As of March, Xiaomi owned 261 million monthly active users through its MIUI operating system installed across all devices, a 37.3 percent growth YoY. The number of IoT devices, excluding smartphones and laptops, jumped 70 percent to reach approximately 171.0 million units.

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Thunes raises $10M to make financial services more accessible in emerging markets

Cross-border fintech continues to be an area of interest for venture capitalists. The latest deal sees GGV Capital — the U.S-China firm that’s backed Xiaomi, Airbnb, Square and others — lead a $10 million investment in Singapore-based startup Thunes.

Other investors in the Series A round are not being disclosed at this point.

Thunes — which is slang for money in French and is pronounced ‘tunes’ — is not your typical startup. Its service is a b2b play that provides payment solutions for companies and services that deal with consumers and need new features, increased interoperability and flexibility for users. It makes money on a fee basis per transaction and, in the case of cross border, a small markup on exchange rates using mid-market rates for reference.

The company was founded in February of this year when TransferTo, a company that provided services like mobile top-up cross-border split itself in two. Thunes is the b2b play that uses TransferTo’s underlying technology, while DT One was spun out to cover the consumer business of top-up and mobile rewards.

The investment, then, is a first outside raise for Thunes, which had previously been financed by TransferTo, which is a profitable business, according to Thunes executive chairman Peter De Caluwe, who led payments startup Ogone to a €360 million acquisition in 2013.

De Caluwe, who is also CEO of DT One, told TechCrunch that Thunes reached $3 billion in payment volumes over the last 12 months. His goal for this year is double that to $6 billion and already, he said, it is “on track to get there.” (Steve Vickers, who previously managed Xiaomi in Southeast Asia and has worked with Grab, is Thunes CEO.)

Thunes works with customers across the world in North America, Central America, Latin America, Africa, Europe and Asia, but it is looking particularly at Southeast Asia and the wider Asia continent for growth with this new capital. It is not a consumer-facing brand, but its biggest customers include Western Union, PayPal and Mpesa — where it has worked to connect the two payment interfaces in Africa — and India’s Paytm and ride-hailing company Grab, which it helps to pay drivers.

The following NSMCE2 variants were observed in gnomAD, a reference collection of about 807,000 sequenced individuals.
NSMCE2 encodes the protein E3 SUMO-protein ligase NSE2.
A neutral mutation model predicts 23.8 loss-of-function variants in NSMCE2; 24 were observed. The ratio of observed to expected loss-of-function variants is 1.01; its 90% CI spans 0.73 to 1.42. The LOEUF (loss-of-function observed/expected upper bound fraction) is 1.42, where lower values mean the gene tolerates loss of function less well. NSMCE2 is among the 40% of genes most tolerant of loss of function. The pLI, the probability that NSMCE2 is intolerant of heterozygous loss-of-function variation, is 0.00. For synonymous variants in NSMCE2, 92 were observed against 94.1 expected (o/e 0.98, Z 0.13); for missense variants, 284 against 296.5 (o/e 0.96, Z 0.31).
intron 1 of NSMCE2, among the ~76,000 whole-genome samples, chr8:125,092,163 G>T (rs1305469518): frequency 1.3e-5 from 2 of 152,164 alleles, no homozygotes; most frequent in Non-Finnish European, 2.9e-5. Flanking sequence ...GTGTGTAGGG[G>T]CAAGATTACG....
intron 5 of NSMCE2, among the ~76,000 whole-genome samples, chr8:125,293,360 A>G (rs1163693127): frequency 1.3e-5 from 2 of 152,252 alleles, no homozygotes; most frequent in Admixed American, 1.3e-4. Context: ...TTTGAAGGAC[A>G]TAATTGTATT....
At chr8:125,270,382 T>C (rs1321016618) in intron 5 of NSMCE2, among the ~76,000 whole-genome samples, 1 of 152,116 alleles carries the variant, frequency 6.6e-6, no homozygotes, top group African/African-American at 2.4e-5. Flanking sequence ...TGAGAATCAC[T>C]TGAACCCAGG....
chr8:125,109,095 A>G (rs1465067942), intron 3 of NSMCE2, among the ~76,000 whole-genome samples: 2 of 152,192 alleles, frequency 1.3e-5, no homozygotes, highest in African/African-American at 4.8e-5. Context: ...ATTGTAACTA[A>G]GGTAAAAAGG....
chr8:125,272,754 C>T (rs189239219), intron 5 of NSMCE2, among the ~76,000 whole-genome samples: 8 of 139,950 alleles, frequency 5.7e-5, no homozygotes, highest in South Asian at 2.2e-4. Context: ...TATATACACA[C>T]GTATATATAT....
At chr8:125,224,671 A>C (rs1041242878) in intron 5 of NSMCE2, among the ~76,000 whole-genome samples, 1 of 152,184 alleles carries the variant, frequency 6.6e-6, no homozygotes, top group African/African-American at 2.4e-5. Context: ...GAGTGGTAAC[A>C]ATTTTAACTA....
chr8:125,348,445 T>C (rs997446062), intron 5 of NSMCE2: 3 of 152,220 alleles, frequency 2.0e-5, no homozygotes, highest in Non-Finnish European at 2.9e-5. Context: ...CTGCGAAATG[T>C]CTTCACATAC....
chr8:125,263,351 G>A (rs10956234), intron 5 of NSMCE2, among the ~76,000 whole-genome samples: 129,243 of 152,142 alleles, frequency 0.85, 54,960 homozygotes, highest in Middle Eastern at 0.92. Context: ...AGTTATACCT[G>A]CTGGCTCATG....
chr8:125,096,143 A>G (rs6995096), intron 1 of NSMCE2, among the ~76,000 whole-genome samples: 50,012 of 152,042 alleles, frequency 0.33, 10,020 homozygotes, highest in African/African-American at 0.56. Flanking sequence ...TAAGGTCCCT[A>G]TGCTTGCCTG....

In the case of Grab — the $14 billion company backed by SoftBank’s Vision Fund — De Caluwe said Thunes helps it to pay “millions” of drivers per day. Grab uses Thunes’ real-time payment system to help drivers, many of whom need a daily paycheck, to convert their earnings to money in Grab’s wallet, their bank account or cash pick-up locations.

It’s hard to define exactly what Thunes’ role is, but De Caluwe roughly calls it “the swift of the emerging markets.” That’s to mean that it enables interoperability between different wallets, banks in different countries and newer payment systems, too. It also provides feature — like the instant payout option used by Grab — to enable this mesh of financial endpoints to work efficiently — because right now the proliferation of mobile wallets can feel siloed to the ‘regular’ banking infrastructure.

De Caluwe said that Thunes will work to add more destinations, support for more countries, more partners and more features. So growth across the board with this money. It is also looking to increase its team from the current headcount of 60 to around 110 by the end of this year.

Singapore is HQ but Thunes also has staff located in London and Nairobi offices, with some employees in the U.S. — they share a Miami office with DT One — and others remote in India and Indonesia. A Dubai office, covering the important and lucrative Middle East region, is in the process of being opened.

The company is also looking to raise additional capital to support continued growth. De Caluwe, who has spent time working at Telenor and Naspers-owned PayU, said a Series A+ and Series B is tentatively timed for the end of this year or early next year. The Thunes executive chairman sees massive potential since he believes the company “doesn’t have much competition.”